A question that has been raised by several people so far after reading my, “Regardless of what any hack says, a Windows 7 Upgrade is an Upgrade. What you need to know” post is, “You mentioned that you have to have a full license for a qualifying version of Windows to be eligible for the Windows 7 Retail Box upgrade.  What are the qualifying versions of Windows for the Retail Box upgrade for Windows 7?”

The answer to this question is actually quite simple.  To qualify for the Windows 7 Retail Box upgrade, your computer must have a full license for Windows XP (any edition) or Windows Vista (any edition).  If you only have a license for any version prior to Windows XP, then you do not qualify for the Windows 7 Retail Box upgrade and would be required to purchase a Full Windows 7 license to run Windows 7 on your computer legally.

Now, a follow-up question that I did receive to this question from some readers of my Blog was, “You mention you have to have the FULL Windows license for either Windows XP or Windows Vista to qualify for the Windows 7 Retail Box upgrade; however, on my computer, I had Windows 2000 Professional and then upgraded it to Windows XP Professional through the Retail Box upgrade back then.  Since my Windows XP license is the upgrade and not the full Windows XP license, do I still qualify?”

Let’s take a look at this scenario:

As you may have seen in several of my previous posts:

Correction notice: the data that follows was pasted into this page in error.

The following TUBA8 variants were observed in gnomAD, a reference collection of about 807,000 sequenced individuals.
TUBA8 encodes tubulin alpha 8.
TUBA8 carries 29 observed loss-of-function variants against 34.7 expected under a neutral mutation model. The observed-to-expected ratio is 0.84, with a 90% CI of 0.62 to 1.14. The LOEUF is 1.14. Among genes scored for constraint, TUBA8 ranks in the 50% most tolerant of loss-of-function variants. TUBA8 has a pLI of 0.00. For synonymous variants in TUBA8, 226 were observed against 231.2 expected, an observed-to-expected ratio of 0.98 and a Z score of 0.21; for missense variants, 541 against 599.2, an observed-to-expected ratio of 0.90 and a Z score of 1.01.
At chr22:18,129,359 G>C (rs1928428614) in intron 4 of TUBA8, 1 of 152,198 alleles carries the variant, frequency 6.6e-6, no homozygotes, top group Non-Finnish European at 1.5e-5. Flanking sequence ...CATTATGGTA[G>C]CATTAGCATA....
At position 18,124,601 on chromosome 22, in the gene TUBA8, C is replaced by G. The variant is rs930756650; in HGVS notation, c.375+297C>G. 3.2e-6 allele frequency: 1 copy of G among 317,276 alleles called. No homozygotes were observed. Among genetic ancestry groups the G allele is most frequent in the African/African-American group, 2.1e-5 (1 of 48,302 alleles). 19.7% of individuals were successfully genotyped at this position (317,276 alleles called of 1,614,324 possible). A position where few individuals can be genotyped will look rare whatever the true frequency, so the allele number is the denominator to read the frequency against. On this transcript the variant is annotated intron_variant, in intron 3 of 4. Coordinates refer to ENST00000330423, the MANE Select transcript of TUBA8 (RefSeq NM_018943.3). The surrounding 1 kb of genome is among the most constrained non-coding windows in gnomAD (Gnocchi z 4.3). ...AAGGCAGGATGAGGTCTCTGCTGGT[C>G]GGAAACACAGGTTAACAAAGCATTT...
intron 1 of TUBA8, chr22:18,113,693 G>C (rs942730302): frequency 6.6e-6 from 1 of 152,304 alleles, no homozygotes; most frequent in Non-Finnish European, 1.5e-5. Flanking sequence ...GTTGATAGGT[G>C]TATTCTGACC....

image image image

So in your scenario, you had a full Windows 2000 Professional license for your computer, then you added the Windows XP Professional Upgrade license to it.  This would put you in the first example above, meaning you have a license to run Windows XP Professional on your computer.  So if you now wish to add the Windows 7 Retail Box upgrade to that computer, you computer is licensed to run Windows XP Professional (because of the Windows 2000 Professional full license + the Windows XP Professional Upgrade), so you would qualify for the Windows 7 Retail Box upgrade for that computer.

I hope that helps answer your questions on this.

As I noted in an earlier post, I am going to be posting the answers to many of the questions I have received and continue to receive from my Regardless of what any hack says, a Windows 7 Upgrade is an Upgrade. What you need to know post here on the Blog, so please keep the feedback and input coming. You can see many of these questions and answers posted here:

Thank you and have a wonderful day,

Eric LigmanFollow me on TWITTER clip_image001and RSS clip_image002
Global Partner Experience Lead
Microsoft Worldwide Partner Group
This posting is provided "AS IS" with no warranties, and confers no rights

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